The title for this week’s rather short “Weeky Reeler” may be taken figuratively—since the week is inevitably and inextricably marked by the passing of the great British filmmaker Ken Russell—but it’s also quite literally true. The only movie opening locally this week is Lars von Trier’s Melancholia, which comes to The Carolina on Friday. Some times may shift around, but it’s otherwise pretty much the same as last week—apart from the arrival of Melancholia and the depature of The Rum Diary. Considering that last week gave us Scorsese’s Hugo, I’m not complaining about a dearth of product. For that matter, Melancholia is nothing to sneeze at.
Once more it turns out that the art title of the week, Melancholia in this case, is something I’ve already seen. And that, of course, means that the review is in this week’s paper and so on. I don’t entirely object to the way this works out. First of all, Melancholia is a special—and specialized—film that might get a better break this way. Second—and maybe even more important to me—this affords viewers a little more leisure to get out there and see Hugo. That’s the most special film of the year—of many years in fact.
None of this gives me any more leisure, mind you, since there are screenings to deal with for movies that open next Friday.
It’s December, and that means that the Hendersonville Film Society is taking a break. In fact, if I understand correctly, they won’t be back with us till Jan. 8, 2012. The rest of the usual suspects are carrying on, however. The Thursday Horror Picture Show is screening the new-and-improved print of Island of Lost Souls (1932) with Charles Laughton and Bela Lugosi on Thursday, Dec. 1, at 8 p.m. in the Cinema Lounge at The Carolina. World Cinema is running Eric Rohmer’s My Night at Maud’s (1969) at 8 p.m. on Friday, Dec. 2, in the Railroad Library in the Phil Mechanic Building. The Asheville Film Society kicks of December with Bryan Forbes’ classic comedy The Wrong Box (1966) on Tuesday, Dec. 6, at 8 p.m. in the Cinema Lounge at The Carolina. (Yes, the film is in color, even though the trailer is black and white.) More on all films in this week’s Xpress.
Quite a few titles come out way this week. Of the ones I’ve seen, I’d say the most noteworthy are Werner Herzog’s Cave of Forgotten Dreams and One Day. Of course, Cave of Forgotten Dreams won’t be in 3D, but you still get to listen to Herzog fantasize about “albino crocodiles.” Also up are 30 Minutes or Less, Another Earth,The Future, and Our Idiot Brother. Tucker & Dale vs. Evil, which played at ActionFest but was not otherwise shown here, is also coming out. Then—in one of those inexplicable marketing decisions—the sadly overlooked Friends with Benefits and the depressingly over-seen The Smurfs show up on DVD on Friday.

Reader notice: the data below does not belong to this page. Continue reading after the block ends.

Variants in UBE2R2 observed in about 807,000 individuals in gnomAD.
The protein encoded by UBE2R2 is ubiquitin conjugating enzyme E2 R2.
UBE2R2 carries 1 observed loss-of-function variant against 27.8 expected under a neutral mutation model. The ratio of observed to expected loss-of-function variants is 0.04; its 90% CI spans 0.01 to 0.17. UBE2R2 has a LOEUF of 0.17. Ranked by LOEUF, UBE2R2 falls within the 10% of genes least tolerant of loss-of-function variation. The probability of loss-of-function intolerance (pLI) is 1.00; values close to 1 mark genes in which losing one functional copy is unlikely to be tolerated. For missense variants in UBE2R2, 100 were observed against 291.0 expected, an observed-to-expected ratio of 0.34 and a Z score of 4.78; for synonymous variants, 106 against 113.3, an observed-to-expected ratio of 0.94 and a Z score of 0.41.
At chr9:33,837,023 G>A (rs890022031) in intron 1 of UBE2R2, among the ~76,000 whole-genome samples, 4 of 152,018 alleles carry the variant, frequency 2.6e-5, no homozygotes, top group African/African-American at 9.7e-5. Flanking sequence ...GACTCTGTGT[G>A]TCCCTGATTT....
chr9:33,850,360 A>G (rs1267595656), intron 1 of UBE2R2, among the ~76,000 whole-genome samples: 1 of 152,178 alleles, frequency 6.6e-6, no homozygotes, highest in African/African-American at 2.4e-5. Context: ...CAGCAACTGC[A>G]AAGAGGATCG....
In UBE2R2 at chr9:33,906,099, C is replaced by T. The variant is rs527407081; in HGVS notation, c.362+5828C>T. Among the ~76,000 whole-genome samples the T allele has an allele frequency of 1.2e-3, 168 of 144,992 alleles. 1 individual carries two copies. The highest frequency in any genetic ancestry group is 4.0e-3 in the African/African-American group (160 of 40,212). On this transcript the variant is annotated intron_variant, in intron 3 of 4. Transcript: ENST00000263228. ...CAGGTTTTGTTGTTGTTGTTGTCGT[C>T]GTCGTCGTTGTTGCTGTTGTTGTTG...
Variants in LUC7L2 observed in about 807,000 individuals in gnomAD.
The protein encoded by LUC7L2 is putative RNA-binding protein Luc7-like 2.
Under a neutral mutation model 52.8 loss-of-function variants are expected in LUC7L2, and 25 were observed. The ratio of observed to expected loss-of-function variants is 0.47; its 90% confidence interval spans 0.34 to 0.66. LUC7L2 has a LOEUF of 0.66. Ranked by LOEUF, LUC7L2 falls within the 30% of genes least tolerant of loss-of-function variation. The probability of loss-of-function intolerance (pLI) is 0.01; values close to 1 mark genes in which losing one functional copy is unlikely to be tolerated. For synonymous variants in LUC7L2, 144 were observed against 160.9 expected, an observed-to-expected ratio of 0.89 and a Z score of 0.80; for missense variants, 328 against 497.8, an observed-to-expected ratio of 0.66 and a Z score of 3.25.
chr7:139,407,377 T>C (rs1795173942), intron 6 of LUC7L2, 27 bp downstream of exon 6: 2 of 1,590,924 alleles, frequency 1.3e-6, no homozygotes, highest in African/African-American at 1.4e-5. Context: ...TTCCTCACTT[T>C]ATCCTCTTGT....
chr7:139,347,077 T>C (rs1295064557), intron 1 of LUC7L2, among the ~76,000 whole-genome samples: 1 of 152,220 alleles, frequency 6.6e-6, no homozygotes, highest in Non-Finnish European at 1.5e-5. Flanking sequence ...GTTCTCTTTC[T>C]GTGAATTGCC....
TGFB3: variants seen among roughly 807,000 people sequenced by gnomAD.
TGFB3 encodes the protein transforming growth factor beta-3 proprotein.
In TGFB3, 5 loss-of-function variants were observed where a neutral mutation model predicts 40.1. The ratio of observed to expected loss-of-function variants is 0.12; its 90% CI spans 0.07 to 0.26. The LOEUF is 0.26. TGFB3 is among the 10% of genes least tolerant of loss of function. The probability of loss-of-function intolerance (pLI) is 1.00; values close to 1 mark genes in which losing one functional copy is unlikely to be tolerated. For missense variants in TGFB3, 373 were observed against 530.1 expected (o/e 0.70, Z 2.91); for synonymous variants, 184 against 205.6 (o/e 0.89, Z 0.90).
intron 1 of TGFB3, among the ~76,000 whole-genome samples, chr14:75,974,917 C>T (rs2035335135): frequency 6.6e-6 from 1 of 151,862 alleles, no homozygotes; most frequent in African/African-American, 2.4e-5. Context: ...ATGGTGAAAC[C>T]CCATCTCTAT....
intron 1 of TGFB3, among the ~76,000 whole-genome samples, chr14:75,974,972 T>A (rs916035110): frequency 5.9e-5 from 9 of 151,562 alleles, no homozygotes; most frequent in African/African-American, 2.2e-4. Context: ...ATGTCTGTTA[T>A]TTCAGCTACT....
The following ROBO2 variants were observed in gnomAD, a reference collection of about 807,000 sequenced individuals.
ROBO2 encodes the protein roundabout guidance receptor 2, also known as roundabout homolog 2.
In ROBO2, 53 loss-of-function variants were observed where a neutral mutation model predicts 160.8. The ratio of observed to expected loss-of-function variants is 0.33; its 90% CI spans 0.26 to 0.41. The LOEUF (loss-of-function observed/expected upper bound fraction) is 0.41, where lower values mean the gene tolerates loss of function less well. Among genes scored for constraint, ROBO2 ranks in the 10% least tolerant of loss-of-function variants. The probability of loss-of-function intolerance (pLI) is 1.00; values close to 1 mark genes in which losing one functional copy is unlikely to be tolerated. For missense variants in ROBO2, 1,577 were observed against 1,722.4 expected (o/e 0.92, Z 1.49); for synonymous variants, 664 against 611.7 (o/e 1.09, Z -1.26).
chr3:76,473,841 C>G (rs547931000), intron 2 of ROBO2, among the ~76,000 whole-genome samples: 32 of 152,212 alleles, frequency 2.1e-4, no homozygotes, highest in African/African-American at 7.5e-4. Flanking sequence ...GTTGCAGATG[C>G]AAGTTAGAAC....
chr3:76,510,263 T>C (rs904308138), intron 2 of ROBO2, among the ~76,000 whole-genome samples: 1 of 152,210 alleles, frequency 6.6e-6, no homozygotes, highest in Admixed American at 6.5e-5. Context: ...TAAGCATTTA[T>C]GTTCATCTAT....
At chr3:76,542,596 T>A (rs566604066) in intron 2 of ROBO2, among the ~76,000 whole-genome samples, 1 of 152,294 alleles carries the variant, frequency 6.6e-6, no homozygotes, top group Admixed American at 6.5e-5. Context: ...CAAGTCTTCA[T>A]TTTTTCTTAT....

Notable TV Screenings
TCM gets more interesting that is often the case by making December William Powell month. Of course, since Powell was almost entirely a Warner Bros. and MGM man for most of his career—with a little RKO thrown in—a good deal of what’s showing is owned by Turner and shows up fairly regularly. It all starts Thursday, Dec. 1, with Jewel Robbery (1932), The Kennel Murder Case (1933), The Ex-Mrs. Bradford (1937), The Hoodlum Saint (1946), The Emperor’s Candlesticks (1937), Lawyer Man (1933), Rendezvous (1935), and Star of Midnight (1935). If nothing else, catch the first two and Lawyer Man. The others aren’t bad, but those are the really choice ones.
On Friday, Dec. 2, at 10 a.m. the silent Sherlock Holmes (1922) starring John Barrymore as Holmes and the ever-popular Gustav von Seyffertitz as Prof. Moriarty. It’s a pretty flat, style-challenged film thanks to Albert Parker’s direction, but worth it for Barrymore and Seyffertitz.
An unusual offering (I think this may be its first time on TCM) shows up at 8 p.m. on Monday, Dec. 5, with Stuart Walker’s The Mystery of Edwin Drood (1935) with Claude Rains as an opium addict choir master. It’s adapted from Charles Dickens’ final—and unfinished—book. The film offers very little in the way of mystery as concerns who killed Edwin Drood (David Manners), but it’s a stylish thriller—almost qualifying as a Universal horror picture (in fact, it was often shown on TV as one).